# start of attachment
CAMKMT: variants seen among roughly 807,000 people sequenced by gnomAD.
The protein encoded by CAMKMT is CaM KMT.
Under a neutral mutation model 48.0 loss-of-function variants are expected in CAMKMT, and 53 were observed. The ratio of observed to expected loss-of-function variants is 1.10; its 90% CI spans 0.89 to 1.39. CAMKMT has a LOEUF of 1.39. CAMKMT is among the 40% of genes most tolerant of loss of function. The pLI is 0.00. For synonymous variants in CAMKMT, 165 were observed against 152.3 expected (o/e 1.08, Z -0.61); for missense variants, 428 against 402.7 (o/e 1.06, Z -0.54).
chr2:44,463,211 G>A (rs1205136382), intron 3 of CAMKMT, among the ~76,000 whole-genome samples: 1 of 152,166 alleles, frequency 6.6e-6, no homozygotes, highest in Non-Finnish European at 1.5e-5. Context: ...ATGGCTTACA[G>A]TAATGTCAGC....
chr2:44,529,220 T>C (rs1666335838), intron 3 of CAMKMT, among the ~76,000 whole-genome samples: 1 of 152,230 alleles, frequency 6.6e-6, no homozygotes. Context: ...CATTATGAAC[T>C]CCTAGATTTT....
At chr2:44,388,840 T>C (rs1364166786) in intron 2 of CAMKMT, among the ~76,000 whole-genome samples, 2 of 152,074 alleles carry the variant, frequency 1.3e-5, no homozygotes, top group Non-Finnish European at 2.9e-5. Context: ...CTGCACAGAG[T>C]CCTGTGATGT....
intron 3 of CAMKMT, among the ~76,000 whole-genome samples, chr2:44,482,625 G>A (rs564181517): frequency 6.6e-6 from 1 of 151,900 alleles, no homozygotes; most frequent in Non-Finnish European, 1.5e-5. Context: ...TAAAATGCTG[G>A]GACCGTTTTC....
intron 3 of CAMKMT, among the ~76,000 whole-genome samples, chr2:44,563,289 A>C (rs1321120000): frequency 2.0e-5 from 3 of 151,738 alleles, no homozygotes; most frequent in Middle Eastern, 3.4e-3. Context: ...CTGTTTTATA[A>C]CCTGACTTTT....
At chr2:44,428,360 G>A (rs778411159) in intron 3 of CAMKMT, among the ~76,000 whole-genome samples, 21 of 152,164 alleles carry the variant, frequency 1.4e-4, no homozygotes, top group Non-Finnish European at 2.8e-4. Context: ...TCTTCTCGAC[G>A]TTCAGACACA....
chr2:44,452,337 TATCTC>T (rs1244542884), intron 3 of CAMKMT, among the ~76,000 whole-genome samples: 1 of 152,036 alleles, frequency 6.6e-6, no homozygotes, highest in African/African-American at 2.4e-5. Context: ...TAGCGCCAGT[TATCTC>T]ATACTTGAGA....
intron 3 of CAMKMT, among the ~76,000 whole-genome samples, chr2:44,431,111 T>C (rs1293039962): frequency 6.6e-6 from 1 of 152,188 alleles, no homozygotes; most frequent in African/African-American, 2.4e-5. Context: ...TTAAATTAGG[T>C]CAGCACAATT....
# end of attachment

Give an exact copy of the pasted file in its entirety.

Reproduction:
CAMKMT: variants seen among roughly 807,000 people sequenced by gnomAD.
The protein encoded by CAMKMT is CaM KMT.
Under a neutral mutation model 48.0 loss-of-function variants are expected in CAMKMT, and 53 were observed. The ratio of observed to expected loss-of-function variants is 1.10; its 90% CI spans 0.89 to 1.39. CAMKMT has a LOEUF of 1.39. CAMKMT is among the 40% of genes most tolerant of loss of function. The pLI is 0.00. For synonymous variants in CAMKMT, 165 were observed against 152.3 expected (o/e 1.08, Z -0.61); for missense variants, 428 against 402.7 (o/e 1.06, Z -0.54).
chr2:44,463,211 G>A (rs1205136382), intron 3 of CAMKMT, among the ~76,000 whole-genome samples: 1 of 152,166 alleles, frequency 6.6e-6, no homozygotes, highest in Non-Finnish European at 1.5e-5. Context: ...ATGGCTTACA[G>A]TAATGTCAGC....
chr2:44,529,220 T>C (rs1666335838), intron 3 of CAMKMT, among the ~76,000 whole-genome samples: 1 of 152,230 alleles, frequency 6.6e-6, no homozygotes. Context: ...CATTATGAAC[T>C]CCTAGATTTT....
At chr2:44,388,840 T>C (rs1364166786) in intron 2 of CAMKMT, among the ~76,000 whole-genome samples, 2 of 152,074 alleles carry the variant, frequency 1.3e-5, no homozygotes, top group Non-Finnish European at 2.9e-5. Context: ...CTGCACAGAG[T>C]CCTGTGATGT....
intron 3 of CAMKMT, among the ~76,000 whole-genome samples, chr2:44,482,625 G>A (rs564181517): frequency 6.6e-6 from 1 of 151,900 alleles, no homozygotes; most frequent in Non-Finnish European, 1.5e-5. Context: ...TAAAATGCTG[G>A]GACCGTTTTC....
intron 3 of CAMKMT, among the ~76,000 whole-genome samples, chr2:44,563,289 A>C (rs1321120000): frequency 2.0e-5 from 3 of 151,738 alleles, no homozygotes; most frequent in Middle Eastern, 3.4e-3. Context: ...CTGTTTTATA[A>C]CCTGACTTTT....
At chr2:44,428,360 G>A (rs778411159) in intron 3 of CAMKMT, among the ~76,000 whole-genome samples, 21 of 152,164 alleles carry the variant, frequency 1.4e-4, no homozygotes, top group Non-Finnish European at 2.8e-4. Context: ...TCTTCTCGAC[G>A]TTCAGACACA....
chr2:44,452,337 TATCTC>T (rs1244542884), intron 3 of CAMKMT, among the ~76,000 whole-genome samples: 1 of 152,036 alleles, frequency 6.6e-6, no homozygotes, highest in African/African-American at 2.4e-5. Context: ...TAGCGCCAGT[TATCTC>T]ATACTTGAGA....
intron 3 of CAMKMT, among the ~76,000 whole-genome samples, chr2:44,431,111 T>C (rs1293039962): frequency 6.6e-6 from 1 of 152,188 alleles, no homozygotes; most frequent in African/African-American, 2.4e-5. Context: ...TTAAATTAGG[T>C]CAGCACAATT....